Norman Artesien Basset
Other names: Basset Artésien Normand
The Basset Artésien and the Basset Hound are descended from the dwarfed hounds bred in France in the 1800s. The Artésien is lighter-boned than the English Basset Hound but both share striking similarities, and both are bred to hunt small game such as rabbits and hares. The Basset Artésien is not usually seen outside of its native France.
Key facts about the Norman Artesien Basset
- Life expectancy : Between 14 and 16 years
- Temperament : Hunter
- Size : Small
- Type of coat : Short
Group 6 - Scent hounds and related breeds
Section 1 : Scent hounds
Physical characteristics of the Norman Artesien Basset
|Female dog||Between 12 and 14 in|
|Male dog||Between 12 and 14 in|
|Female dog||Between 33 and 44 lb|
|Male dog||Between 33 and 44 lb|
Often seen of fawn with black and white or just fawn and white.
Type of coat
Smooth, short-haired, single coat.
A small, dwarfed dog with a long body and short legs. The head is noticeably domed and the muzzle broad and of a medium length. The eyes are large and expressive and the ears large and very long, hanging close to the cheeks and shaped in a ‘corkscrew’ manner. The tail of the active dog is carried out and upwards.
An affectionate dog despite its hunting heritage, the well-adjusted Basset Artésien is not quick to anger.
An active dog that likes to play and interact; this dog is brave enough to withstand reasonably rough play.
A stable and confident dog, the Basset Artésien is not easily upset or made nervous.
The Basset Artésien is reasonably intelligent but is prized more for companionship than cerebral prowess.
It was originally bred to hunt small game and its prey instinct is still piqued by the scents of rabbits, squirrels and foxes.
Fearful / wary of strangers
He is not aggressive in nature, and even less fearful, but he knows how to distinguish a "normal" situation from a potentially dangerous situation.
Basset Artésiens were bred to work as a pack in order to bag game. They are not overly independent and rely heavily on positive feedback and praise from their owner.
Behaviour of the Norman Artesien Basset
This dog will tolerate a short period of solitude.
Easy to train / obedience
To train the Basset Artésien requires the owner to deliver consistent and confident training. This is a dog that is easily distracted and quick to boredom.
This dog has a tendency to bark to excess.
Tendency to run away
The Basset Artésien is hard to recall. It may not hear your command if it is focussed on a particularly interesting scent.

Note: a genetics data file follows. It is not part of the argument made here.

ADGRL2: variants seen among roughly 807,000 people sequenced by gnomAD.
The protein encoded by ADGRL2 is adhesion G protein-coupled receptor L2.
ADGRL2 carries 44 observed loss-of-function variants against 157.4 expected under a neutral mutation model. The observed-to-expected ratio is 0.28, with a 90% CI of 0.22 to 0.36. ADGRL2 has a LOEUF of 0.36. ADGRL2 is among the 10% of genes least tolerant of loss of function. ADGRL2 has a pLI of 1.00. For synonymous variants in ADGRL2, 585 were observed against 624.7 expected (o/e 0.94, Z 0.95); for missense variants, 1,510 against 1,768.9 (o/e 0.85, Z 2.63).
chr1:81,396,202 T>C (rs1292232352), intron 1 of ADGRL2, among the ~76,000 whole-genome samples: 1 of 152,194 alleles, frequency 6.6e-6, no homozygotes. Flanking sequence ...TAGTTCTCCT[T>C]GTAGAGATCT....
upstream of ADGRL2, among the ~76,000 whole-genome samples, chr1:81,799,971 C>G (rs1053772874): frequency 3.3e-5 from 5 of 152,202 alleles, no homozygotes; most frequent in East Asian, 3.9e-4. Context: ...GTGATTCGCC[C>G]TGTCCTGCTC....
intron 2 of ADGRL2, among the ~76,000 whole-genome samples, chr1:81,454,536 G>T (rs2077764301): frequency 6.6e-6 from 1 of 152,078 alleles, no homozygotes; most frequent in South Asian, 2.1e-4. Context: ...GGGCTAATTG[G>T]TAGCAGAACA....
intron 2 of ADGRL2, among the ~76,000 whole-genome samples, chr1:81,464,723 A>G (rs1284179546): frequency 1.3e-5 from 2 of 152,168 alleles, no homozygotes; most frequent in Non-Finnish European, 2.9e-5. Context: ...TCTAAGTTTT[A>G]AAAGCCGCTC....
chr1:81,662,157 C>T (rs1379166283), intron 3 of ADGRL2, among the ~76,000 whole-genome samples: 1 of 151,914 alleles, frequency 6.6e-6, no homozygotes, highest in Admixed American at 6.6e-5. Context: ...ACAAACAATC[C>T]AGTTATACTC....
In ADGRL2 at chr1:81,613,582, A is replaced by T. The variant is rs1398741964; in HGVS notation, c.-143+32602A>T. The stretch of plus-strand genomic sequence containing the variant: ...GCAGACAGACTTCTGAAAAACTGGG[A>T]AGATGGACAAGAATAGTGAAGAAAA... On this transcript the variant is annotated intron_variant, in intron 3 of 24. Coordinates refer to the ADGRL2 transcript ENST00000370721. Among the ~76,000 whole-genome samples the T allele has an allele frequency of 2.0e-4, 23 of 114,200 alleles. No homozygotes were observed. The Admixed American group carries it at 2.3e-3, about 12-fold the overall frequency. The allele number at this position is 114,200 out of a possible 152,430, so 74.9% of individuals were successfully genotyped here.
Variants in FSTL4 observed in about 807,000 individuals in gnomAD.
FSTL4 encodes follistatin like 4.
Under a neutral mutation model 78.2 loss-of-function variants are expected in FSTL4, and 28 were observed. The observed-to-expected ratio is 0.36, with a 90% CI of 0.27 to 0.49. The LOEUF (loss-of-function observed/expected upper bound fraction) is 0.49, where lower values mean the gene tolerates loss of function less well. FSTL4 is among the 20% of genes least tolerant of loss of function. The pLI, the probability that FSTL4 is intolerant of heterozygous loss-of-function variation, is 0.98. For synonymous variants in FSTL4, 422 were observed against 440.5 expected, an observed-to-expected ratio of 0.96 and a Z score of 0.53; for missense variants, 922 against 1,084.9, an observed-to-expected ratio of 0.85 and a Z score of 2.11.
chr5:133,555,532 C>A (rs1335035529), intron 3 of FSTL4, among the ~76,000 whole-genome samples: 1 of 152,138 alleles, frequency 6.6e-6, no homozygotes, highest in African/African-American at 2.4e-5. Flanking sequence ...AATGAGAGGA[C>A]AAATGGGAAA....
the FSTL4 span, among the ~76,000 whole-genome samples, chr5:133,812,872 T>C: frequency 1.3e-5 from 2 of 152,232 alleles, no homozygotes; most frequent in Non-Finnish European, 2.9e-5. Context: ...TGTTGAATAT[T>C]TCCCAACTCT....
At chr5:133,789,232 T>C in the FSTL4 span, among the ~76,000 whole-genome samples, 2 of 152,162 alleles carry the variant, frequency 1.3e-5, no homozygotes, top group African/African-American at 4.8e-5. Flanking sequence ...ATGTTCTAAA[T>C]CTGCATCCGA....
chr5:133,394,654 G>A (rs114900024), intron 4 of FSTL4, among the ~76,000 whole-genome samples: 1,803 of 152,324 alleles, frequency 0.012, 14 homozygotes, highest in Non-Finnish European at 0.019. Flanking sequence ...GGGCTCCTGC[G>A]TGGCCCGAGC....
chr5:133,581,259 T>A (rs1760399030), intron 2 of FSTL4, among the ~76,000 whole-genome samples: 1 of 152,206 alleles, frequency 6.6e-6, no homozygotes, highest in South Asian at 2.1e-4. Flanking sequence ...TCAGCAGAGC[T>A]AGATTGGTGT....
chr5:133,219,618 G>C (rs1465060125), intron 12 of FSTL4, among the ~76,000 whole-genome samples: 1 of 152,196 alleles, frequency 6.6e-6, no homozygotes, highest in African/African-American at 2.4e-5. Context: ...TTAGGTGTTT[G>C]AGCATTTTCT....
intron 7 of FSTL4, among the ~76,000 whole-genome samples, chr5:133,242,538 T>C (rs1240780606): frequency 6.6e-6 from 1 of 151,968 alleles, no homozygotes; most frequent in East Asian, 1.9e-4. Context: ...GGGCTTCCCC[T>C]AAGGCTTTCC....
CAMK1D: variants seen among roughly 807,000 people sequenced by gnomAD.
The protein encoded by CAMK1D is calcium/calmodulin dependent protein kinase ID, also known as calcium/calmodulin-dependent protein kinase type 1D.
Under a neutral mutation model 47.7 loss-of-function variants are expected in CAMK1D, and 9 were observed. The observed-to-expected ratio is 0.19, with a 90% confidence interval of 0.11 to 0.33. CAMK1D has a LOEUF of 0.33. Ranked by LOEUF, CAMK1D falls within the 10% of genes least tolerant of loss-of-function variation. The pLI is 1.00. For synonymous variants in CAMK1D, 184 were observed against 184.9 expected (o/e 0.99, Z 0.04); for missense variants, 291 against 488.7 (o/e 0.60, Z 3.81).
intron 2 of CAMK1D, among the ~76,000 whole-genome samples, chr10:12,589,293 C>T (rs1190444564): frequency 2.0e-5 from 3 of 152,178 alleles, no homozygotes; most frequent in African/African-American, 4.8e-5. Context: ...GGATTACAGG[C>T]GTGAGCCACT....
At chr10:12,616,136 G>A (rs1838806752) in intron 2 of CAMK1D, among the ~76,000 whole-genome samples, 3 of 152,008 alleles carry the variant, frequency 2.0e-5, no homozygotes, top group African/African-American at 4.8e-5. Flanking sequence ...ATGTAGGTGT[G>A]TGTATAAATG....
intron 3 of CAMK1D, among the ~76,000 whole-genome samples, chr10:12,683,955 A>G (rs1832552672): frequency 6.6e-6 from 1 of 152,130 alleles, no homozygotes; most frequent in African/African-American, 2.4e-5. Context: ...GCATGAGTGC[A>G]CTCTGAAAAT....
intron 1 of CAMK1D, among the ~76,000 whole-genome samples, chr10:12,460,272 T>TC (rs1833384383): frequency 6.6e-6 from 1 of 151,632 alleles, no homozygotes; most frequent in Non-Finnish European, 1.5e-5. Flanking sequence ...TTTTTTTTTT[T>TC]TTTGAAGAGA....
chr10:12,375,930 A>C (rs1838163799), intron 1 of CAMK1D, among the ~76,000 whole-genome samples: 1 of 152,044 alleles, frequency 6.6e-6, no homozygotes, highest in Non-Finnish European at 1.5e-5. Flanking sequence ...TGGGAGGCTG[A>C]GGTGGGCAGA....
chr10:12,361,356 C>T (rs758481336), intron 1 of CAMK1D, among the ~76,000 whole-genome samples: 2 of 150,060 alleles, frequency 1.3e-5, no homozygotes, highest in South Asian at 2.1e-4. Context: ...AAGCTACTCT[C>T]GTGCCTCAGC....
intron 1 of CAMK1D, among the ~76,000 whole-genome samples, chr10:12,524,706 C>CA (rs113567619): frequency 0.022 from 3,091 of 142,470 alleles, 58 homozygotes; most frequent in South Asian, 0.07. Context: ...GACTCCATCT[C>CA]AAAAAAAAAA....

The Artésien can be destructive if left on its own for long periods of time.
Greedy / Gluttony
To own an active dog does not preclude someone from administering a strict dog food diet. Basset Artésiens need two meals a day of high-quality dog food.
This dog is not as vigilant a watchdog as some.
The Basset Artésien is a suitable first dog. The inexperienced dog owner should take their time to learn about the breed and its foibles. This dog does not respond well to harsh criticism.
Norman Artesien Basset in a flat
A well-fenced garden is an excellent provision for this dog. The Basset Artésien is content to live in a flat if it is regularly exercised.
Need for exercise / Sporty
The Basset Artésien needs a reasonable amount of exercise every day.
Travelling / easy to transport
Once trained, a Basset Artésien is comfortable with travel. To house the dog in a crate is sensible; make sure the dog is properly crate trained first.
Norman Artesien Basset and cats
The Basset Artésien is tolerant of other animals, especially those with which it has been brought up.
Norman Artesien Basset and dogs
Generally speaking, the Basset Artésien gets on with other dogs.
Norman Artesien Basset and children
On the whole this breed is good with children, and it is tolerant of boisterous play.
Norman Artesien Basset and the elderly
The Basset Artésien is not a great dog for people of senior years.
We do not have enough data to set an average price for an Old Danish Pointing dog. You’re also looking at between £170 to £185 per month to care for this dog.
This dog's fur must be brushed with a rubber brush to remove dead hair. The claws must be kept short and the ears checked regularly for signs of an infection or a build-up of wax.
The Artésien sheds a lot and its hairs are hard to remove from upholstery and clothing.
Nutrition of the Norman Artesien Basset
It is always worthwhile to feed a Basset Artésien a high-quality and specially formulated dog food.
Health of the Norman Artesien Basset
14 to 16 years
Strong / robust
This is an active and courageous dog that likes nothing better than a day of outdoor exploration.
The Basset Artésien is not especially tolerant of hot temperatures and is prone to heat stroke. Special care must be taken of the Basset Artésien during the summer months.
The Basset Artésien is very tolerant of cold temperatures.
Tendency to put on weight
The Basset Artésien is more prone to weight gain than most. If your dog is not exercised as regularly as it should be and is fed too much human or substandard food it will quickly become obese.
Good to know
To socialise a young Artésien is worthwhile. Dogs that have been introduced to other dogs and other animals are less likely to exhibit behaviour that is antisocial or unwanted.
Origins and history
French Bassets diverged at some point shortly after 1870. The two types then most commonplace were the Basset Artésien Normand and the Basset d'Artois. Both of these dogs continued to be bred to assist hunters. Due to its short stature the Basset Artésien was able to follow small game through burrows.
Good names for a Norman Artesien Basset: Bobby, Fergie, Ozil, Tola